Daniel Hood on the beginning of the Vols' fall camp
Even as I write that, I'm well aware of the counterpoint. No matter what transpires in the first game, a team still could finish 11-1 or 1-11.
Teams have lost their first game and won a national championship. Teams have won their first game and lost everything else.
But there's more relevant history to consider when suggesting that it would be in the Vols' best interests (a euphemism for "must-win game") to win their season opener in the Georgia Dome.
Once the Vols lose an early season non-conference game, fame and glory rarely are waiting in the wings.
In 2010, they lost to Oregon in the second game. They finished 6-7.
In 2009, they lost to UCLA in the second game. They finished 7-6.
In 2008, they lost their opener to UCLA. They finished 5-7.
Still think the Aug. 31 game against N.C. State isn't a must-win game?
In the last 28 years, UT has lost an early season game to a non-conference opponent six times. Its record for those seasons is 41-34. Not once did it have fewer than four losses, and three times it had losing records.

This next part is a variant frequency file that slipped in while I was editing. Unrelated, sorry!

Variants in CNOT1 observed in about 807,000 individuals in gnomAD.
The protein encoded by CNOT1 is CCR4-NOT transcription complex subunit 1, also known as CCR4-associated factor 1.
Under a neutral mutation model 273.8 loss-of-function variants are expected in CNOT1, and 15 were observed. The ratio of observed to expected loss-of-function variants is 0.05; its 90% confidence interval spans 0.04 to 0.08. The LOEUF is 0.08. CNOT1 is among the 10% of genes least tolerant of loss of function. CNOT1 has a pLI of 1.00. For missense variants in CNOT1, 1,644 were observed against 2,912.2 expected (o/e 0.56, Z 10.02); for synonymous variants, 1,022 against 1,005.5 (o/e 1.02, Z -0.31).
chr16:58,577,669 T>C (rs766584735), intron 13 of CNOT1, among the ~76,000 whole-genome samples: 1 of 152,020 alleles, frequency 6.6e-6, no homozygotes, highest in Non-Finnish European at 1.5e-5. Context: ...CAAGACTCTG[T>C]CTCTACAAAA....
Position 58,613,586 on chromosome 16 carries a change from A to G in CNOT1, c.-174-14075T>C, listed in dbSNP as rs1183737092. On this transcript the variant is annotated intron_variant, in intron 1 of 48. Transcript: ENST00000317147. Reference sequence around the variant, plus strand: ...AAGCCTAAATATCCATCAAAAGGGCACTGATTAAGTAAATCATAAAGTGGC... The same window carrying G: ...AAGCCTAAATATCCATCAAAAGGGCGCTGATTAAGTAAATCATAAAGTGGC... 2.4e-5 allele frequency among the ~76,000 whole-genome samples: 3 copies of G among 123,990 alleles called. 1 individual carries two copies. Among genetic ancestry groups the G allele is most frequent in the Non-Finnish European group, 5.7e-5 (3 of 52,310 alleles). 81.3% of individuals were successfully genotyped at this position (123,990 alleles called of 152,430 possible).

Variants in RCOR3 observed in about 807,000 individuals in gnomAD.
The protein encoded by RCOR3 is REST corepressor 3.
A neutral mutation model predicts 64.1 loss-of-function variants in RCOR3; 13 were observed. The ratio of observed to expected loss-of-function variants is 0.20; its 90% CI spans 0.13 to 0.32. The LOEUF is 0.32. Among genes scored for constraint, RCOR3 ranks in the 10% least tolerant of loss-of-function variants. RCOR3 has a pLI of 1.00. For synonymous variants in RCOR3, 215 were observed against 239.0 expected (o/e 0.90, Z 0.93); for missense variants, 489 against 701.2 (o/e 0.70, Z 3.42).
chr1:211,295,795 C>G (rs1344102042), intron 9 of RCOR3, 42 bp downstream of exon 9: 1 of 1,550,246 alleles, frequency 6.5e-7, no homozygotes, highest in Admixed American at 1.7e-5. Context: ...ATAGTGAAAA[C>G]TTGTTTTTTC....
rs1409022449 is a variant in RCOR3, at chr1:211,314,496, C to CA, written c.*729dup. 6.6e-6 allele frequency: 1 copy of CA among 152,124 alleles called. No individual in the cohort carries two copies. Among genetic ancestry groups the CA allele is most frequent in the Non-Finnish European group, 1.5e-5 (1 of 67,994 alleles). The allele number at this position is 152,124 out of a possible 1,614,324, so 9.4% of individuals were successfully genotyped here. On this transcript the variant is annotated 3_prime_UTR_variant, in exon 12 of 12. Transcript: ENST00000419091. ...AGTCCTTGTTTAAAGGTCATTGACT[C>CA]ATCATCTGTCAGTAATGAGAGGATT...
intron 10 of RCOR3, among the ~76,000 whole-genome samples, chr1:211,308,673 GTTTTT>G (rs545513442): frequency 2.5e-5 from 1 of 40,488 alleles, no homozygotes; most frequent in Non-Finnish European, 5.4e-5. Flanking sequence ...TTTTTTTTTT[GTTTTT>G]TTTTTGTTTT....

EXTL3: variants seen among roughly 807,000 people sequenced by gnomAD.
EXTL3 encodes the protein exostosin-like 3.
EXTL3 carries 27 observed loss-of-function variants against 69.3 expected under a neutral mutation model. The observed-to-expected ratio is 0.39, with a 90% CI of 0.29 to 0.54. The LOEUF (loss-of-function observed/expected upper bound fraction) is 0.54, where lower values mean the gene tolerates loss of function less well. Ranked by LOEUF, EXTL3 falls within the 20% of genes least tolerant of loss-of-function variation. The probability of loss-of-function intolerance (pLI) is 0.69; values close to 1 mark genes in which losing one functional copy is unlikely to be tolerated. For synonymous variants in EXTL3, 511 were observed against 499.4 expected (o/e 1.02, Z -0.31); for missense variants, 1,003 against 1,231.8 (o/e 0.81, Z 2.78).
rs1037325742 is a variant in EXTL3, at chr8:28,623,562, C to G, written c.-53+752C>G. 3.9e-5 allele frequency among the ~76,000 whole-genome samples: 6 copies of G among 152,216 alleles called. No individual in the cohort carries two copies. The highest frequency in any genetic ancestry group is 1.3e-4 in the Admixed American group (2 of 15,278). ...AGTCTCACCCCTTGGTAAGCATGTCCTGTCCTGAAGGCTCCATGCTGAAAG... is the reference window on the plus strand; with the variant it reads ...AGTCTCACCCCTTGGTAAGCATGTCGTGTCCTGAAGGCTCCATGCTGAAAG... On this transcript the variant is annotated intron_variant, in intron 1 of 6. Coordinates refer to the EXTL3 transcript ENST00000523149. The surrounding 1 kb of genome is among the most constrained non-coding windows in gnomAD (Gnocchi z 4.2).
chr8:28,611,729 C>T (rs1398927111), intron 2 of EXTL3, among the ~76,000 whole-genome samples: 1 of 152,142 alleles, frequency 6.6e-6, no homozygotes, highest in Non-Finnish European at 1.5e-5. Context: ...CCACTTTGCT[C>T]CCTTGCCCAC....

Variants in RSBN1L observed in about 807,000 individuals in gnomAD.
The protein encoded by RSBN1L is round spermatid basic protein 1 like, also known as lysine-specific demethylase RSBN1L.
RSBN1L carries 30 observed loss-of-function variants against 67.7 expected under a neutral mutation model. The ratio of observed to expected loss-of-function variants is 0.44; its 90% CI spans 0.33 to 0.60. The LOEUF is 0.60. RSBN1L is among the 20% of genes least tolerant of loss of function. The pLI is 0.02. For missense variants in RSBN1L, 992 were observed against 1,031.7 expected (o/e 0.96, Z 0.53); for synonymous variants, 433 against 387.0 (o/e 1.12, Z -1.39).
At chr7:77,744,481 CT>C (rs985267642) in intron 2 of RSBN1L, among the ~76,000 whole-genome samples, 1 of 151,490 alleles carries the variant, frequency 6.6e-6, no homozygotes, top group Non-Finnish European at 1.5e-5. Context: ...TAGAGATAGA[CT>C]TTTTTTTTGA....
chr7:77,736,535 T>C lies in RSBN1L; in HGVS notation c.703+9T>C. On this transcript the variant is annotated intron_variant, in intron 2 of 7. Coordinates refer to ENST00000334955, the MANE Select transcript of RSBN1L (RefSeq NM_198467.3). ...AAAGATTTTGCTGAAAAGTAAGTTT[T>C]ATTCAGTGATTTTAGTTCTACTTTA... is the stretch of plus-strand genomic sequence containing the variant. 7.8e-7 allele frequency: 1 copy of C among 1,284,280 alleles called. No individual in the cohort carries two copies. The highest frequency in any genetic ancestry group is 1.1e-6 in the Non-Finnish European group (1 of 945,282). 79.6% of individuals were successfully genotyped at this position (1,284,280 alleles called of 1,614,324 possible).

Go back further and you will find similar results.
In the last 40 years, UT has lost an early game to a non-conference opponent 14 times. Only once did it lose fewer than four games (9-3 in 1983).
The correlation between non-conference losses and less than sensational seasons is hardly surprising for any SEC program. If you can't beat someone from outside the conference, how can you expect to flourish in a league as tough as this one?
A top-10 non-conference opponent would qualify as an exception. But only one of Tennessee's last six early-season, non-conference losses came to a top-10 teams; three of the six losses came to un-ranked opponents.
The flip side to UT's opener is more encouraging for its fans. In the last 25 years, early-season, non-conference games have sometimes served as turning points for the better.
Coming off a 5-6 season in 1988, UT overpowered sixth-ranked UCLA 24-6 in the second game of the 1989 season. The Vols were off and running to an 11-1 season.
After a 5-6 season in 2005, UT overwhelmed ninth-ranked Cal in the 2006 season opener. The Vols won eight more games that season and 10 in 2007.
Now, more than ever, the Vols need a pivotal victory. They have had three losing records in the last four seasons. They haven't won more than seven games since 2007.
They could lose to N.C. State and still have a turnaround season. But history tells us they won't.